You almost have to squint to see the possibilities of customizing a '48 Chevy Stylemaster. And while it seems '49 and later Chevys were tailor-made for the sleek and rounded lines of a customizer's torch, the '48s hadn't quite gotten there.
Frenched headlights are the norm for most any custom, and Jim's are accented with pinstrip
When a friend of Jim Eckard told him about a '48 Chevy that was for sale on the Internet back in 2008, Jim's initial thought was "'48 Chevys are butt ugly!" but he decided to look at the advertisement anyway. Jim had recently sold his '32 coupe and was looking for another project and, having been into hot rods and customs for more than 50 years (at 17, he owned a '49 Chevy while still in high school), he was open to anything.
Jim, who lives in Glendale, Arizona, called the seller, who was based in Beavercreek, Ohio. After some discussions and looking at more photos, Jim bought the car and had it shipped to him. It showed up in worse condition than what he had anticipated as it had been kept in storage for years.
After he replaced the tires and got it up and running, Jim took the Chevy to a local rockabilly show, and folks kept asking him if his car was the one from the High School Confidential movie. After checking into both the movie (a 1958 black and white film starring Mamie Van Doren full of '50s teen angst and hell-raising hot rodders and weedheads) and the person responsible for creating one of the cars in the film, namely legendary customizer George Barris, Jim learned more about his car.
Jim's got a little friend keeping an eye out in the back window.
Taillights from a '59 Cadillac were modified and fit to the rear of Jim's Chevy.
The side windows were deleted when the chop was done (4.75 inches in the front, 6 inches i
For a climatic drag racing scene in the movie, a chopped '48 Chevy is supposed to crash and roll over, though because of its stance and weight it was unable to do so on cue, so the director reportedly ordered the car dropped from a crane onto its roof to create the desired effect. Barris had built two identical cars for the movie, one of which was the crane-drop car. But was Jim's car the survivor?
As Jim did more research, it turns out his '48 Chevy was built in 1985 and, at best, might have been influenced by the car in the movie but it wasn't the original movie car. When asked recently where the movie car ended up, Barris wasn't sure where it was, though others and Jim believe it might be somewhere in the Midwest. Undeterred, Jim continued to work on the car and, working with a budget over a period of time, upgraded to a crate engine and rebuilt trans, as well as having the car repainted.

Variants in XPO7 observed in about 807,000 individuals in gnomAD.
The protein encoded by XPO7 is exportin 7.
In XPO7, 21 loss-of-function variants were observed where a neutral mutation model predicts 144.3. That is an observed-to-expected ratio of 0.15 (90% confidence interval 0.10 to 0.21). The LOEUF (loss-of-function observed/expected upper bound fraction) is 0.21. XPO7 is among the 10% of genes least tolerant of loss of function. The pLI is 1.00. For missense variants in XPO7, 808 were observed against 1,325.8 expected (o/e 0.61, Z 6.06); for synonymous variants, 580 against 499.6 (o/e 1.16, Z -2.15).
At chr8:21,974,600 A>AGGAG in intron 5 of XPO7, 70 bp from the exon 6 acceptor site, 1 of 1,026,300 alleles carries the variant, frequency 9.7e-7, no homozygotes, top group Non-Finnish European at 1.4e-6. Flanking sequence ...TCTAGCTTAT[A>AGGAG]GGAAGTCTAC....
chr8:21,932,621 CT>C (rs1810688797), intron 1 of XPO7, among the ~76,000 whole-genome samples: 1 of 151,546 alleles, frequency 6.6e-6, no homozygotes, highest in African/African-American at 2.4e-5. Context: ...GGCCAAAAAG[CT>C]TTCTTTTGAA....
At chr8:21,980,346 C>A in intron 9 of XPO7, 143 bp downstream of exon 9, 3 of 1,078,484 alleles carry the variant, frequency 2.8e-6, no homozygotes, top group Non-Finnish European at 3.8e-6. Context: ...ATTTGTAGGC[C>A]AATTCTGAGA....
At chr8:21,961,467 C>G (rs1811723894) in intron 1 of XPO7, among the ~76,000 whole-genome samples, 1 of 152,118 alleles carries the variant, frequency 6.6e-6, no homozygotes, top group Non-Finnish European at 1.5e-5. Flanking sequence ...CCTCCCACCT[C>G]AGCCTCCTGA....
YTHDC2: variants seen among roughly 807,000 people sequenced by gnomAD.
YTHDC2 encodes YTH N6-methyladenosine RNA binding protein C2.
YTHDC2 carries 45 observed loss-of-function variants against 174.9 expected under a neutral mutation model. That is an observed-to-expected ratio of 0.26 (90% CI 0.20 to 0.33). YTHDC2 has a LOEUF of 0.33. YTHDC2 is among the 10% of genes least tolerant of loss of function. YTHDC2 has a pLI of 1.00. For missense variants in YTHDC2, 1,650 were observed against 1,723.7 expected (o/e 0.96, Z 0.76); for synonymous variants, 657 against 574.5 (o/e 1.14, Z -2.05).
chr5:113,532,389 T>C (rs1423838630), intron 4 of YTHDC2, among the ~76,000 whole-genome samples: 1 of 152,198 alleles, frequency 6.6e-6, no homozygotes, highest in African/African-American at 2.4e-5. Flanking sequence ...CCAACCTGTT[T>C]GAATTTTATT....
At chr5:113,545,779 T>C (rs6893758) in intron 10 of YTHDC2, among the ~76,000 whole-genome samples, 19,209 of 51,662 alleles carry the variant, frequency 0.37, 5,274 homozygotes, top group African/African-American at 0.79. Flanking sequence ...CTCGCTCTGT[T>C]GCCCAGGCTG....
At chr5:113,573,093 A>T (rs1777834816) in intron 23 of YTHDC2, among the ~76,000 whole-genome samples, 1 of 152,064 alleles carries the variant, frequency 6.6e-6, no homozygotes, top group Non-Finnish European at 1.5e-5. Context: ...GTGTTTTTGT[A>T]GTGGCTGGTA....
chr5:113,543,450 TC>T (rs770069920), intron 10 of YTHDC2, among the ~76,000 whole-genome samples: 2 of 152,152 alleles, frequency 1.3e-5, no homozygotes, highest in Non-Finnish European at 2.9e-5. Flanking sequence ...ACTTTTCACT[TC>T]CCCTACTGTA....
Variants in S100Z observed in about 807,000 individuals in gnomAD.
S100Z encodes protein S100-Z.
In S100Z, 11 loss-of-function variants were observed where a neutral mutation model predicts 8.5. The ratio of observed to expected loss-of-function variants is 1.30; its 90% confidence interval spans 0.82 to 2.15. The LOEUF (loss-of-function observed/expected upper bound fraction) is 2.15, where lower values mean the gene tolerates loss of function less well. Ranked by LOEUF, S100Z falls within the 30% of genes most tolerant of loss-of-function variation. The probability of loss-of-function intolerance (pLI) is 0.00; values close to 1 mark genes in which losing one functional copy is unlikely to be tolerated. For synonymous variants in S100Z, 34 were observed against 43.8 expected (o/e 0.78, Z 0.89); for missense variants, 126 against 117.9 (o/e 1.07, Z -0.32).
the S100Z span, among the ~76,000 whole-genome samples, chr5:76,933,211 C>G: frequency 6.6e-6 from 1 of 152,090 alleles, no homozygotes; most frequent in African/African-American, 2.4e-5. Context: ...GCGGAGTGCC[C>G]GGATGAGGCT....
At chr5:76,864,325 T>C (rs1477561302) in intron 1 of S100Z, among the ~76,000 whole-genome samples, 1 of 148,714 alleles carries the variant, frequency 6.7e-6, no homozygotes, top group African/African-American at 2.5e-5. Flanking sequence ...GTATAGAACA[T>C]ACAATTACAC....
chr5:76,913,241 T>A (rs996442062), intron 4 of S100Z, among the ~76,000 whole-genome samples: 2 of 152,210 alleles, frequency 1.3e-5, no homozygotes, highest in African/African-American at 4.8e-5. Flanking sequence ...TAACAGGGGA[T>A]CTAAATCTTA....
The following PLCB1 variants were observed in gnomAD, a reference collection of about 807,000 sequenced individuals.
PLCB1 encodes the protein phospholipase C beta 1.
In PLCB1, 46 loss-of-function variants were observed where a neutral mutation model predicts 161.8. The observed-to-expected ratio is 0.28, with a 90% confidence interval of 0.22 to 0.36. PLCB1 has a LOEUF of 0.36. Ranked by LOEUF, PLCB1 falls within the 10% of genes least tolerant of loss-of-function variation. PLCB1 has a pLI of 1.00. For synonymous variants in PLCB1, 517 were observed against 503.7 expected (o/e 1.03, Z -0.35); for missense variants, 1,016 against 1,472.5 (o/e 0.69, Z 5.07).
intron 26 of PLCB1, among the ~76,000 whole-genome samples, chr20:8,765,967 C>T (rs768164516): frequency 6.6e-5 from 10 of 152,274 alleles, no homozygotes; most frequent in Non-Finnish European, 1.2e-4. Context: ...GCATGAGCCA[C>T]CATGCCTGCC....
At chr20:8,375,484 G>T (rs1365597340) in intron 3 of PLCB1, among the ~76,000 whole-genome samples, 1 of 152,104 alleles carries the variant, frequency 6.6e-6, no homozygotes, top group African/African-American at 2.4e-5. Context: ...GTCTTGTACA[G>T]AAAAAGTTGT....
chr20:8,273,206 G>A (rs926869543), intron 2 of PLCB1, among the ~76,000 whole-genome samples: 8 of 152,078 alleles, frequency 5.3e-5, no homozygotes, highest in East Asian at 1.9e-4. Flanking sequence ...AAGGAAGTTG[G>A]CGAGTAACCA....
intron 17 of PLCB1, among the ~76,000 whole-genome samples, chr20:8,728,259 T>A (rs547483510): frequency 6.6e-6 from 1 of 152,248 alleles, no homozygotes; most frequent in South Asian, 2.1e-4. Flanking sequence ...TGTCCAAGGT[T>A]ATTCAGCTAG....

The chassis under the car only retains 6 feet of the original, as a '74 Nova front clip was added while an '80 Olds Cutlass rear suspension system went in, and air shocks are found on each corner. Steel wheels (15x6) wrapped in Coker BFGoodrich rubber (215/70-15 and 235/75-15) are topped with '57 Cadillac hubcaps.
Steel 15x6 wheels are topped with '57 Cadillac hubcaps, with the fronts shod in 215/70R-15
Auto & Truck Specialists in Glendale, Arizona, did the work on the 350 engine, which was installed in front of a smoothed firewall and outfitted with a COMP Cams camshaft, a Moroso aluminum water pump, early Vette valve covers, an Edelbrock manifold, and twin Edelbrock carbs. A TH350 trans was also bolted up, which is fitted with a Hughes 2700 stall converter.
As with any custom, most of the work was in the body and, from the chopped top down, Jim's car has a lot of it. Almost 5 inches were taken out of the windshield posts and 6 inches from the rear area. The posts were then leaned forward 4-1/2 inches and the side windows filled. The vent windows were removed from the doors and the backlight is made from a Ford Granada windshield.
A frenched radio antenna was added to the passenger door's fender section and '40 Ford fender skirts cover the rear wheel openings. The rear fender seams were also leaded smooth, and other custom tricks (nosing, decking, frenching, shaving, and so on) were all performed correctly. The grille came out of a '46 Chevy and '59 Cadillac taillights are used out back. Other custom touches include smoothed-out bumpers and a pair of 112 Appleton spotlights added to the windshield posts.
The split-back bench was covered in marine-grade Naugahyde, finished with maroon piping. E
The engine is a 350 Chevy, reworked by Auto and Truck Specialists in Glendale, AZ. A COMP
Jim Eckard's '48 Stylemaster
Arthur's Auto Body and Frame in Phoenix covered the car in a special non-metallic maroon blend with Chavos Pinstriping (from Phoenix) following up with lots of pinstripe. Except for new carpet added by Hot Rod Interiors in Peoria, Arizona, the interior in Jim's ride is 28 years old. Even the stock clock from 1948 still works (if you wind it up) and, years before Jim owned the car, George Barris autographed the glovebox door. An A/C and heat system from Vintage Air makes cruising in his sled a lot more comfortable, and a marine Naugahyde is used over the split-back bench seating.
After spending more than he thought and investing more time than he imagined, Jim Eckard is finally having a good time with his chopped Chevy. He's been hitting the car show circuit in the Southwest when he isn't cruising it in and around the greater Phoenix metro area, and he recently displayed the car at the 2013 Grand National Roadster Show (where he placed Third in the Early Custom 1935-1948 class). He also picked up a STREET RODDER Top 100 award at last year's Goodguys show in Scottsdale. Both show and go, Jim's Chevy can do it all.
Just the Facts
Owner: Jim Eckard
Appleton 112 spotlights are in each A-post, and are embellished with the same five-point s
Vintage Air's A/C and heating system has been installed, as well as a '48 Chevy steering w
There is a Barris crest on the glovebox door, and inside is where you can find George Barr